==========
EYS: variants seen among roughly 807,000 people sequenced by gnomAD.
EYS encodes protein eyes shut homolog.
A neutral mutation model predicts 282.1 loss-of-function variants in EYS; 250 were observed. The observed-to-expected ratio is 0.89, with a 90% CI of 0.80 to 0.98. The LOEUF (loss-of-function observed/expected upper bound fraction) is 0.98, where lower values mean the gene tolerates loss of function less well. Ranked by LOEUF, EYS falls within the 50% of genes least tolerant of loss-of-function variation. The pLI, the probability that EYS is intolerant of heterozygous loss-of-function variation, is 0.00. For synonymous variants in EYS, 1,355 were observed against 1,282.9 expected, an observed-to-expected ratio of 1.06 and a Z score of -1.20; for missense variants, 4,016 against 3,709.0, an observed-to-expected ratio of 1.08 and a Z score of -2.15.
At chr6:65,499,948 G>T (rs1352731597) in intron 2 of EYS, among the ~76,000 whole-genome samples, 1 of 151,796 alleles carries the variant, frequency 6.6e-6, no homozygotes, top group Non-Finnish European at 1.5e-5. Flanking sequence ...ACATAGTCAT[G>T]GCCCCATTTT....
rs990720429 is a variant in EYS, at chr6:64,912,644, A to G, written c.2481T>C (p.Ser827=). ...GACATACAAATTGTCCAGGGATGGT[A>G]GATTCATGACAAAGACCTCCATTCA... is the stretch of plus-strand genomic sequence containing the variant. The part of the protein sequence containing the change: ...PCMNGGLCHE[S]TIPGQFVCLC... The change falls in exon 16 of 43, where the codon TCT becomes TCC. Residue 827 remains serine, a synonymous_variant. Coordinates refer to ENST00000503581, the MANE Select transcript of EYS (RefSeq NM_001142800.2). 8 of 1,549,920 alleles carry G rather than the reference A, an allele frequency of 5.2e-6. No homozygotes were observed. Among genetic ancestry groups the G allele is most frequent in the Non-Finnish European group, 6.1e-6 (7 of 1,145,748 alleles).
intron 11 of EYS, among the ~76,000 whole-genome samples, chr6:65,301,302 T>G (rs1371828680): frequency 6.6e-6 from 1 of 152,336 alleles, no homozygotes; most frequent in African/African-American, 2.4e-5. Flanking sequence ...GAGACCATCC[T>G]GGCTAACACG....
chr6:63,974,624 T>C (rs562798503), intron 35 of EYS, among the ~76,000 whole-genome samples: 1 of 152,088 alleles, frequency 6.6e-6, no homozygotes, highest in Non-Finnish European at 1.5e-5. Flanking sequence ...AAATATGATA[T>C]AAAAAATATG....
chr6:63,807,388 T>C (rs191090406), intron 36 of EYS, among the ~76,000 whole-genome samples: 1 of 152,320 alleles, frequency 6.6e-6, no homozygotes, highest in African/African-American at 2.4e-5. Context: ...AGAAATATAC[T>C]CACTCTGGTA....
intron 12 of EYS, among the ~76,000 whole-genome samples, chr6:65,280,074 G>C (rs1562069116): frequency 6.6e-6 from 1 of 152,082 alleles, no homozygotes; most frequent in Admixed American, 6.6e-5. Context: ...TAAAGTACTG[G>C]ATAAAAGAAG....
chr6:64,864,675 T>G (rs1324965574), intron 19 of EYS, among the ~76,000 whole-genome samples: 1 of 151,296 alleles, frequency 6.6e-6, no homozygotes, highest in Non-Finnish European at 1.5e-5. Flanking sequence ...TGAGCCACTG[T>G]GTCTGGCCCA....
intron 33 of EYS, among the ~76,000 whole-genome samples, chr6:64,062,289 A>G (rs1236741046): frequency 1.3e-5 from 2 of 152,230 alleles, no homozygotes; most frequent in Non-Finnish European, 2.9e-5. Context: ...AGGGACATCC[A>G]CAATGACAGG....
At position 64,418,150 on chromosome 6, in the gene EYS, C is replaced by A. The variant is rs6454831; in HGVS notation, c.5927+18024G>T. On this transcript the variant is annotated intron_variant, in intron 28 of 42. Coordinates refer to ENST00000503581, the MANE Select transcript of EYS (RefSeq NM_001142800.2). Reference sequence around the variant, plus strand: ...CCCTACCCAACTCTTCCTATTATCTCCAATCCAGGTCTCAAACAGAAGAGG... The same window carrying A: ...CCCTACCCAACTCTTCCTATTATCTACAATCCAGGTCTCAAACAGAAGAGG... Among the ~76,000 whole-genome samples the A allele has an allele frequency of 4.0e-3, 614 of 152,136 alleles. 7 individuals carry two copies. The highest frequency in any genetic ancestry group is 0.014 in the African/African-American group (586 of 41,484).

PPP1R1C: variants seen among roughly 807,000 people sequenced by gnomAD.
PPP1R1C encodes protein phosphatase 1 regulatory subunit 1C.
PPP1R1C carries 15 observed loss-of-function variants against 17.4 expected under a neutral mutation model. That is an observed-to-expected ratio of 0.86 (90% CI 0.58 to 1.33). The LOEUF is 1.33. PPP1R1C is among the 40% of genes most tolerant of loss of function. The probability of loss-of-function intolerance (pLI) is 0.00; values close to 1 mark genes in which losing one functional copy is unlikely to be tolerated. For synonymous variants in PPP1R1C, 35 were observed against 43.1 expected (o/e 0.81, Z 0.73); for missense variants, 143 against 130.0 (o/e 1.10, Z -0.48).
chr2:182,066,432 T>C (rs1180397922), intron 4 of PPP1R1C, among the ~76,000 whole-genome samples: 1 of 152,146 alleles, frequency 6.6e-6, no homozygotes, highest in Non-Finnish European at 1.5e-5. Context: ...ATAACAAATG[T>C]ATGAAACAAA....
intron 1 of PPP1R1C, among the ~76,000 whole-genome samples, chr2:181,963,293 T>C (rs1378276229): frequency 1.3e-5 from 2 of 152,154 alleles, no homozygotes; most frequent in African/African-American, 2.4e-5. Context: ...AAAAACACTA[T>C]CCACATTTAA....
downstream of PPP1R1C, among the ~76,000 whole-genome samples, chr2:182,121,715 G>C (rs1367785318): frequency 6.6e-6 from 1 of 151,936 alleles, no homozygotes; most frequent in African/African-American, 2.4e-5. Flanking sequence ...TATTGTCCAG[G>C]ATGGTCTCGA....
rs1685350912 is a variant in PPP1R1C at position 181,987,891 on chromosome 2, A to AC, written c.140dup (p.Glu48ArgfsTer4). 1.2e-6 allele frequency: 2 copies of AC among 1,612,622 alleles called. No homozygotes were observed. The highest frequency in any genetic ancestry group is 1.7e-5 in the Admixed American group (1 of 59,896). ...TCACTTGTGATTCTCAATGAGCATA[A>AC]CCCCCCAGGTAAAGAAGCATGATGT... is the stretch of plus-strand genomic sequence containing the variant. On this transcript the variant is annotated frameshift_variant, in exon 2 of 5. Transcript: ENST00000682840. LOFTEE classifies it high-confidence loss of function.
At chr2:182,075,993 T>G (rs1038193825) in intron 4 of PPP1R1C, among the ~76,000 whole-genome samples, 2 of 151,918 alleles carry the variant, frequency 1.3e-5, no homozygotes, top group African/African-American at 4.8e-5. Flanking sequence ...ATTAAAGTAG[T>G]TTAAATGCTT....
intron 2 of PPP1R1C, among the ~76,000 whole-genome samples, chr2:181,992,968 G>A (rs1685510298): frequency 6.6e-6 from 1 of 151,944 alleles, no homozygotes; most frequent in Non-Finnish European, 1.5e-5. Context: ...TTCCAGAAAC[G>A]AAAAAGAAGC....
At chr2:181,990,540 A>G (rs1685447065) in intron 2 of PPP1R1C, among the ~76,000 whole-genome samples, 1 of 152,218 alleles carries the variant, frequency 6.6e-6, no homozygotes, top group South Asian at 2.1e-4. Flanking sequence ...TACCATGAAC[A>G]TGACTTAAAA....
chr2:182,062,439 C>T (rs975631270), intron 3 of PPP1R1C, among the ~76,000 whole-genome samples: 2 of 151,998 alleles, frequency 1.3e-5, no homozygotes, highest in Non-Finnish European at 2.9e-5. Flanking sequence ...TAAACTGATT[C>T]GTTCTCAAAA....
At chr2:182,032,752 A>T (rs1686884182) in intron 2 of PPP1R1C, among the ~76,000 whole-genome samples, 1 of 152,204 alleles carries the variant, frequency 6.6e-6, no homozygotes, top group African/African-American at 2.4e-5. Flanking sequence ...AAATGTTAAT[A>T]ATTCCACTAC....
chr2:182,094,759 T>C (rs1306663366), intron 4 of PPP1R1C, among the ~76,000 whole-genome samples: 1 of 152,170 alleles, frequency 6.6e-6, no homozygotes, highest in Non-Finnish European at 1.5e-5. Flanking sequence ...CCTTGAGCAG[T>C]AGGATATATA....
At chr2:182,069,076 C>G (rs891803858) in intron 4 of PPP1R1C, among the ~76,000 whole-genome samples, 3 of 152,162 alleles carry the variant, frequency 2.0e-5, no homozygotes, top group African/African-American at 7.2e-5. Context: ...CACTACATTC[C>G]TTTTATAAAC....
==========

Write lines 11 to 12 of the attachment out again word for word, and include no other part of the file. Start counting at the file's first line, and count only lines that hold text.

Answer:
intron 33 of EYS, among the ~76,000 whole-genome samples, chr6:64,062,289 A>G (rs1236741046): frequency 1.3e-5 from 2 of 152,230 alleles, no homozygotes; most frequent in Non-Finnish European, 2.9e-5. Context: ...AGGGACATCC[A>G]CAATGACAGG....
At position 64,418,150 on chromosome 6, in the gene EYS, C is replaced by A. The variant is rs6454831; in HGVS notation, c.5927+18024G>T. On this transcript the variant is annotated intron_variant, in intron 28 of 42. Coordinates refer to ENST00000503581, the MANE Select transcript of EYS (RefSeq NM_001142800.2). Reference sequence around the variant, plus strand: ...CCCTACCCAACTCTTCCTATTATCTCCAATCCAGGTCTCAAACAGAAGAGG... The same window carrying A: ...CCCTACCCAACTCTTCCTATTATCTACAATCCAGGTCTCAAACAGAAGAGG... Among the ~76,000 whole-genome samples the A allele has an allele frequency of 4.0e-3, 614 of 152,136 alleles. 7 individuals carry two copies. The highest frequency in any genetic ancestry group is 0.014 in the African/African-American group (586 of 41,484).